Local beer for a wedding?
I thought I posted this a couple days ago, but it doesn't seem to have shown up. Here's take 2; apologies if it's a dup.
My brother is getting married in SF in July, and he has asked me to help him select the beer for the reception. But my tastes tend to run to high-alcohol Belgians, which are probably not the kind of thing he wants to serve at a wedding half-full of macrobrew-drinkers. Furthermore, I'm in Los Angeles, so I don't really know of any good Bay-Area microbreweries. So I'm turning to my fellow hounds for help.
Can anybody recommend a local beer and/or brewery? I'd like to find two to three beers that are interesting and tasty, but won't totally put off drinkers who are accustomed to Corona and Heineken. Preferably something that's not marketed nationally. Maybe one beer that's light and summery, and two more with a bit more body. Also, if you recommend something hard to find, I'd appreciate the name of a bar in SF or Berkeley where he can taste the beers prior to making a decision.
Bonus points if the brewery is organic, or has made at least some effort towards sustainability. Thanks!
edit: Okay, I suppose *one* of the selections could be something that's totally inappropriate for macrobrew-drinkers. I mean, if you know of a fantastic locally-made trippel, I certainly don't want to discourage you from telling me about it.
I'm a fan of Devil's Canyon in Belmont. They open their doors to the public the last Friday of each month (it's quite a party, complete with food and musical entertainment), so your brother can come by and taste several flavors then. My personal favorite is their Hades Habanero beer - real spicy kick and aftertaste!
Yeah, I'd say Devil's Canyon all the way. They have a fantastic variety of beers that will please the macros and the micros, and they do regularly source organic ingredients for some clients. They deliver to several restaurants in San Francisco, and are a really professional operation. They've been here for eight or so years and I, too, frequent their Beer Friday.
I would highly highly recommend City Beer for this project. The owner is immensely knowledgeable about beer, and consistently gets interesting and obscure beer from around the country. I know he's ordered kegs for clients before, and am convinced he could recommend and source something for the wedding.
Bear Republic Brewery in Healdsburg makes some of the best beers in the Bay Area--there are a wide variety. Also, Moonlight make a half dozen different beers depending on the season. BR's Racer 5 is awesome and during the summer, Moonlight's Reality Czech is pretty light a flavorful. The Toronado on Haight has many of both breweries offerings as do Lucky 13 and Jupiter in the Berkel...
I strongly third the vote for Bear Republic! Their Racer 5 is unbeatable, one of the best IPAs around. They also make 2 hefeweizens if OP wants something low alcohol. I ordered a keg of the Racer 5 for a party I gave last summer and people went crazy for it. Picked it up at New Star-Ell on Divisadero.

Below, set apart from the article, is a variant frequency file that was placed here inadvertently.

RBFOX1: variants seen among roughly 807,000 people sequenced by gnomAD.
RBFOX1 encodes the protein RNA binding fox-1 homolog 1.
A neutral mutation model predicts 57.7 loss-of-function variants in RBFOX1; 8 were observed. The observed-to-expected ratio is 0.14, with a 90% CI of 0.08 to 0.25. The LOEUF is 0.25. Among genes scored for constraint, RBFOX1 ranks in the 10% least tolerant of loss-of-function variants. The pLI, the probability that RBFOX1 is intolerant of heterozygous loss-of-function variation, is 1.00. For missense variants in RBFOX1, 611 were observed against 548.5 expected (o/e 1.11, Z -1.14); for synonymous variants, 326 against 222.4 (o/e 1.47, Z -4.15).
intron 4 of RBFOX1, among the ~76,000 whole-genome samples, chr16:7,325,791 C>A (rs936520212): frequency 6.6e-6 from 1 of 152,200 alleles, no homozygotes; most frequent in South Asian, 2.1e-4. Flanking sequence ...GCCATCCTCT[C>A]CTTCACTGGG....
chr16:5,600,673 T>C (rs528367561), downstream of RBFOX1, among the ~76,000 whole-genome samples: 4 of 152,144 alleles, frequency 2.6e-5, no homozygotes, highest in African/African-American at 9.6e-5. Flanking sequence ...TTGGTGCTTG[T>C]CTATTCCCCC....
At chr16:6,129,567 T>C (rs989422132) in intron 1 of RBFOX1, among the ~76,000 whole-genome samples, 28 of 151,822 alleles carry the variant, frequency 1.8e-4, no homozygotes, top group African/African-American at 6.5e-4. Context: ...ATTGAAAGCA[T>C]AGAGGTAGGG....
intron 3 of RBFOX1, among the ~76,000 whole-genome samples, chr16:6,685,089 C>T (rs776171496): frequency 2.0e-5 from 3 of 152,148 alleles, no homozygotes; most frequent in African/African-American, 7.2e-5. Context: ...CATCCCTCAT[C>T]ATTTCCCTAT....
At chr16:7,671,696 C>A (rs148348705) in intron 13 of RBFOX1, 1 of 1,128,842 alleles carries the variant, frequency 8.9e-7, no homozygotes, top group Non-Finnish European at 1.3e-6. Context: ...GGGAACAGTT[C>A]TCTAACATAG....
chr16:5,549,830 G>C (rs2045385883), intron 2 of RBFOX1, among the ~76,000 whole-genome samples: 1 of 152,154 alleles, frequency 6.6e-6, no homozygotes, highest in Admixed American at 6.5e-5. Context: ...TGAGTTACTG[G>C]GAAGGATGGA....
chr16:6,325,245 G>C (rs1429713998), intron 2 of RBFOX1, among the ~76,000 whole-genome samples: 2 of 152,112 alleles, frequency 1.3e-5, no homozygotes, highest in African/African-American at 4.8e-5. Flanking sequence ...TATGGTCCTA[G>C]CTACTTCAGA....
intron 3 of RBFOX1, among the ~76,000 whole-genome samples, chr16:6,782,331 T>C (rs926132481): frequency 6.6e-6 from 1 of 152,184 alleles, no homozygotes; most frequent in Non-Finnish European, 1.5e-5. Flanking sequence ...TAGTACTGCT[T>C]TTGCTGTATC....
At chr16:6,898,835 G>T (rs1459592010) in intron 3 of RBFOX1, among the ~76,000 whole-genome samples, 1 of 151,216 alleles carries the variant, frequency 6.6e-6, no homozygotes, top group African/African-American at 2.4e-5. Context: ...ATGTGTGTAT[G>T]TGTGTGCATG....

New Star Liquor
501 Divisadero St, San Francisco, CA
Anchor Steam is in SF proper, the first real microbrew beer in the US. I'm a fan of Sierra Nevada because it's widely available in NorCal but it's nothing special. If you go to the Toranado (pub) you'll be able to sample quite a few local beers on tap. .
547 Haight St, San Francisco, CA
For a good summer beer similar to a Belgian, try El Toro Brewing's(Morgan Hill) William Jones Wheat. It's a filtered wheat, light yet flavorful and it only comes in at 5% ABV. This from their website:
This beer is named after the Brewmaster’s father-in-law. It was formulated to make Bill’s “mainstream” pallet happy. Brewed with 50% wheat malt and lightly hopped William Jones Wheat Beer is smooth, light, crisp and refreshing. It is filtered for a clear honey colored pleasing appearance. Its carbonation level is moderately high for the “mainstream” appeal yet remains quite flavorful. Winner of the 1997 and 2006 Great American Beer Festival Gold and Silver Medals for American Wheat Beer.
Any local brewery can supply a nice IPA with nice body. I would suggest Firehouse's IPA (Sunnyvale).
I entertain in my backyard every summer and have had these beers at my parties and they are refreshing and flavorful.
Here's a decent thread on the same-ish topic from three quarters of a year ago:
There's a -huge- range of local beers, much of it quite good. It's hard to know what to
suggest without knowing the specifics of the wedding: time of day, theme, food, place,
etc. A nice thick porter, for example would be completely out of place at an outdoor,
early afternoon wedding, but at night after the fog rolls in it's a different story.
For a pretty safe, but tasty, threesome maybe consider:
1. Anchor. Steam or Liberty Ale. The Heineken drinkers will recognise this as something
they've seen before and not be frightened. Anchor is a bit bigger than microbrewery,
but they're local and very good.
2. Anderson Valley. Summer Solstice or Boont Amber. Solstice is exactly what everyone
is really hoping to find when they open a Corona. Malty, very lightly hopped, fizzy and